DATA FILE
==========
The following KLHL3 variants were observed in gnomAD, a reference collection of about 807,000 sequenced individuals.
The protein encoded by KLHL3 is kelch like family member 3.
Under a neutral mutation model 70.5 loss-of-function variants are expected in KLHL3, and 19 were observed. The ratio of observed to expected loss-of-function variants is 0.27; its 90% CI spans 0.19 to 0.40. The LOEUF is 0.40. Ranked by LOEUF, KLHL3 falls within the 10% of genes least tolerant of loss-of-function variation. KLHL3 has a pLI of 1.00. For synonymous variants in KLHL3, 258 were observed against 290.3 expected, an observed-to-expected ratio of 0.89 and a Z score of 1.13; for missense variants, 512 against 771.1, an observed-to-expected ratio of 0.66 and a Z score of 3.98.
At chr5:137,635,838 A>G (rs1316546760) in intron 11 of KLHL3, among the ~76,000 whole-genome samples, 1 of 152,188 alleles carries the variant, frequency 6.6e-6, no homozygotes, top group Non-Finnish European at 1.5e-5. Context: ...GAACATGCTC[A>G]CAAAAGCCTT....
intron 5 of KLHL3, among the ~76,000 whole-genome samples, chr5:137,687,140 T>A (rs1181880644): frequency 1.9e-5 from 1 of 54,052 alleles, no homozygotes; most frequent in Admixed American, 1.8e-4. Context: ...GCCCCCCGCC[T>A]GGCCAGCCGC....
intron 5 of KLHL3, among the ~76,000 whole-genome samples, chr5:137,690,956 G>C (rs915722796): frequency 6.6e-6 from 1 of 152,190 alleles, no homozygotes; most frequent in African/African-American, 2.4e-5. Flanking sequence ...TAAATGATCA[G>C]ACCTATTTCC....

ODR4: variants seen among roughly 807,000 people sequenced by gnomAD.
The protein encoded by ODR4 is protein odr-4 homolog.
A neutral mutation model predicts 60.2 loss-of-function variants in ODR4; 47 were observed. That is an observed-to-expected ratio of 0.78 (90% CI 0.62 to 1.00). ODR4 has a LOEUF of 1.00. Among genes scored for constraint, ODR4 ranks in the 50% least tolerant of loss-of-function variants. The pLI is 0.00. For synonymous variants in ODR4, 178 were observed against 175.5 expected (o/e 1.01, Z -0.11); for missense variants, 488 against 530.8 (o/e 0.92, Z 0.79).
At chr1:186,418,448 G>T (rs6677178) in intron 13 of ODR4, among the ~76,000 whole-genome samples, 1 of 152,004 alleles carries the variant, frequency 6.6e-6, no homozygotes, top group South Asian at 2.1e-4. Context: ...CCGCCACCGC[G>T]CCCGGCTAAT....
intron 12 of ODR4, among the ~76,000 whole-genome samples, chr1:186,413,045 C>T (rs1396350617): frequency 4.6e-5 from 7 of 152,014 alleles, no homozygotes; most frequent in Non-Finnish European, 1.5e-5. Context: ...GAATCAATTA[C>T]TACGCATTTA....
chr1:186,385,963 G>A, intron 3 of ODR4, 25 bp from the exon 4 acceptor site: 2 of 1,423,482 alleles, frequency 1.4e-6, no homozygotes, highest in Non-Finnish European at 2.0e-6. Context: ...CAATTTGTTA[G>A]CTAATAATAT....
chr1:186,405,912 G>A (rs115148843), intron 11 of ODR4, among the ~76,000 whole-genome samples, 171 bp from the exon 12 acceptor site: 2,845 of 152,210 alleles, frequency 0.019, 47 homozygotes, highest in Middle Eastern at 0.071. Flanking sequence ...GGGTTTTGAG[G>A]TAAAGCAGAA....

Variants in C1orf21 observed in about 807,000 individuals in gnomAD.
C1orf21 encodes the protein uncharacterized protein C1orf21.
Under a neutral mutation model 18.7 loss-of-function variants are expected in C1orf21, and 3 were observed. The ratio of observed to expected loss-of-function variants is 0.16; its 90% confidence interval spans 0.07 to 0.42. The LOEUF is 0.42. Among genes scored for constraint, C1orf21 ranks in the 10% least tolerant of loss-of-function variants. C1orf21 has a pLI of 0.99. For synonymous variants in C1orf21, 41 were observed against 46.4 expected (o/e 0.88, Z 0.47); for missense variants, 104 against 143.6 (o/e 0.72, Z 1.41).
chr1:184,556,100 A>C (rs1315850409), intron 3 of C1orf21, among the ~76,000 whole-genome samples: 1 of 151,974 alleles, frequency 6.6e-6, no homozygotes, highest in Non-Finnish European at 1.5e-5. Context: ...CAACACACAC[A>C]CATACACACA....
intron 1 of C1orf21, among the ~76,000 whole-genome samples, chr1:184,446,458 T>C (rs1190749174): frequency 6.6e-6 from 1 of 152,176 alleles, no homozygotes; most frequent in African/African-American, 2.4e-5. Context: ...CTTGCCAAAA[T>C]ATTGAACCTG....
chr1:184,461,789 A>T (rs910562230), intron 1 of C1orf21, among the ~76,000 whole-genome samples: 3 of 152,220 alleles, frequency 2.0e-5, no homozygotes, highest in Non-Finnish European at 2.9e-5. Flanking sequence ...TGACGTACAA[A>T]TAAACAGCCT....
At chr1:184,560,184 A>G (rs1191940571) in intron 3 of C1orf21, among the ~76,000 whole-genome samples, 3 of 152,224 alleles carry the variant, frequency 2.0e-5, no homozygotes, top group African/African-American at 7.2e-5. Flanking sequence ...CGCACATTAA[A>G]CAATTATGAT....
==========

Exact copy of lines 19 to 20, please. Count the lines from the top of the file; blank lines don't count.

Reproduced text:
chr1:184,461,789 A>T (rs910562230), intron 1 of C1orf21, among the ~76,000 whole-genome samples: 3 of 152,220 alleles, frequency 2.0e-5, no homozygotes, highest in Non-Finnish European at 2.9e-5. Flanking sequence ...TGACGTACAA[A>T]TAAACAGCCT....
At chr1:184,560,184 A>G (rs1191940571) in intron 3 of C1orf21, among the ~76,000 whole-genome samples, 3 of 152,224 alleles carry the variant, frequency 2.0e-5, no homozygotes, top group African/African-American at 7.2e-5. Flanking sequence ...CGCACATTAA[A>G]CAATTATGAT....